Council President Donald Tusk, a former Polish Prime Minister who is at odds with the populist government of the Law and Order party (PiS), addressed a series of messages to his compatriots on 3 May, Constitution Day.
The public image of Poland’s political mastermind Jarosław Kaczyński and his ruling conservative Law and Justice (PiS) party was shattered by revelations published by the Gazeta Wyborcza daily on Tuesday (29 January). Piotr Kaczyński (unrelated to the PiS leader) looks into the fallout.
European Union chief Donald Tusk on Saturday (10 November) accused US President Donald Trump of being averse to a "strong and united" Europe and also warned against the emergence of a "brownshirt" nationalist front in EU elections next year.
Poland's governing nationalists came out on top in regional elections Sunday (21 October), but were losing to opposition centrists in mayoral races in large cities including the capital Warsaw, exit polls showed.
An openly gay Polish mayor launched what he termed a "pro-democratic" political movement on Tuesday (4 September) aimed at challenging the EU country's governing right-wing party accused by critics and the EU of passing reforms that threaten the rule of law.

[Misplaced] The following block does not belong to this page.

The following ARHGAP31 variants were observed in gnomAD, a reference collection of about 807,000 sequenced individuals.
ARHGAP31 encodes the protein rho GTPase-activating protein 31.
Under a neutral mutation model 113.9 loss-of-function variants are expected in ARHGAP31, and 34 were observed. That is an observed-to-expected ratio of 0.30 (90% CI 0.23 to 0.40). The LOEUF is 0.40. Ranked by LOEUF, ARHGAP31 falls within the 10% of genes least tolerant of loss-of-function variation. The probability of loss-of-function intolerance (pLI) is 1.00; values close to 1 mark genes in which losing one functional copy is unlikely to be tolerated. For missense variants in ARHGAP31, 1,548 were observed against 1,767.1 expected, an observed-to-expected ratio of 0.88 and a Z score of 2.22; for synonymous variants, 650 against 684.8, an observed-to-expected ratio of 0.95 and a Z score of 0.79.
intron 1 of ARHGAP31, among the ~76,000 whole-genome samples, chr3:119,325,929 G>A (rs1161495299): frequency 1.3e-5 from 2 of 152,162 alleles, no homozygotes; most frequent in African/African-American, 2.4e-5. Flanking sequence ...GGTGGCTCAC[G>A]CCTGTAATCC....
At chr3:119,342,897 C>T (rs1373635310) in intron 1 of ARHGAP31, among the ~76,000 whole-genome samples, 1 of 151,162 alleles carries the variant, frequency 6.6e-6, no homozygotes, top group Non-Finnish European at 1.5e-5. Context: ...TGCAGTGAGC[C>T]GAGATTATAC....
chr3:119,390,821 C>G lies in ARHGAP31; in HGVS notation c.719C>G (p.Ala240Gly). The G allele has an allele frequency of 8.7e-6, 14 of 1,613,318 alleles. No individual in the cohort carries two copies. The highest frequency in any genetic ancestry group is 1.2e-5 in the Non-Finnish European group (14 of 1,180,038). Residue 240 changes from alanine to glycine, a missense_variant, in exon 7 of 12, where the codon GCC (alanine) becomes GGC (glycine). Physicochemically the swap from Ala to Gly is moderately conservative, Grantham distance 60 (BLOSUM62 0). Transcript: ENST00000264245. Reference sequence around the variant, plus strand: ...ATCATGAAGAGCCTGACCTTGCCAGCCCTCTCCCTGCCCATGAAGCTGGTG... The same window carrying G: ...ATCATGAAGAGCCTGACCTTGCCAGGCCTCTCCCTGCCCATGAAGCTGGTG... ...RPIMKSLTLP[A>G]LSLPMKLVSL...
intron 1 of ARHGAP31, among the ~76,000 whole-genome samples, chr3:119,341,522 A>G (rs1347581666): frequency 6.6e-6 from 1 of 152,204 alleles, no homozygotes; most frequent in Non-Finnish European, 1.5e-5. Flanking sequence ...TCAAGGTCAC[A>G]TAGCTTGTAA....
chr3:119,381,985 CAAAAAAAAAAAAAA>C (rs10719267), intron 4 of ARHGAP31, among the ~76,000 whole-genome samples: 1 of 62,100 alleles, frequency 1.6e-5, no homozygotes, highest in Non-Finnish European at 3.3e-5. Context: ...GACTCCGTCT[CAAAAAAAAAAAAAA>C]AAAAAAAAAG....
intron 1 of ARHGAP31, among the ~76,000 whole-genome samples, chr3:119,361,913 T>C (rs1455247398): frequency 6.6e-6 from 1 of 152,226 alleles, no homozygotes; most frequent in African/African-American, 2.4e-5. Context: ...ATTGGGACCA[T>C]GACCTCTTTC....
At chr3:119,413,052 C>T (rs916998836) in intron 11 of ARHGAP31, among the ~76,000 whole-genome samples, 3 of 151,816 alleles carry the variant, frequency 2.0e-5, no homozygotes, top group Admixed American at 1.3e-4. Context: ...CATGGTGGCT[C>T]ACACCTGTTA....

Rolling Stones legendary frontman Mick Jagger touched on Poland's controversial judicial reforms at a concert yesterday (8 July) in Warsaw, after anti-communist freedom icon Lech Walesa urged the rockers to support Poles "defending freedom" over court changes that critics say undermine democracy.
Dorota Bawołek, a respected Brussels journalist, has been the target of hundreds of insulting and threatening messages on social media, after state-controlled Polish TV said she asked the European Commission politically motivated questions with intent “to harm Poland”.
Polish President Andrzej Duda said on Wednesday (24 May) he wants to hold a referendum in November 2018 on whether to change the country's 20-year-old constitution, although it was not clear what kind of changes he was seeking.
Poland should treat EU president Donald Tusk in a dignified manner, the European Commission said today (20 April), after the former Polish premier was grilled for eight hours in Warsaw in an intelligence probe.
European Council President Donald Tusk testified for eight hours in Warsaw on Wednesday (19 April) as a witness in an investigation of two former military counter-intelligence chiefs accused of overstepping their duties.
Poland warned fellow European Union leaders yesterday (9 March) that their decision to reappoint former Polish Prime Minister Donald Tusk to chair their summits was a step toward the disintegration of the 28-member bloc.
The European Commission will consult with EU member states on whether to take further action against Poland in a dispute over the rule of law that has lasted more than a year, officials said yesterday (22 February).
Donald Tusk suffered another attack from Poland's populist government on Monday (2 January), when Minister of Foreign Affairs Witold Waszczykowski told Krakow radio station RMF FM that he was an “icon of evil and stupidity” and that he should stay “far away from Poland”.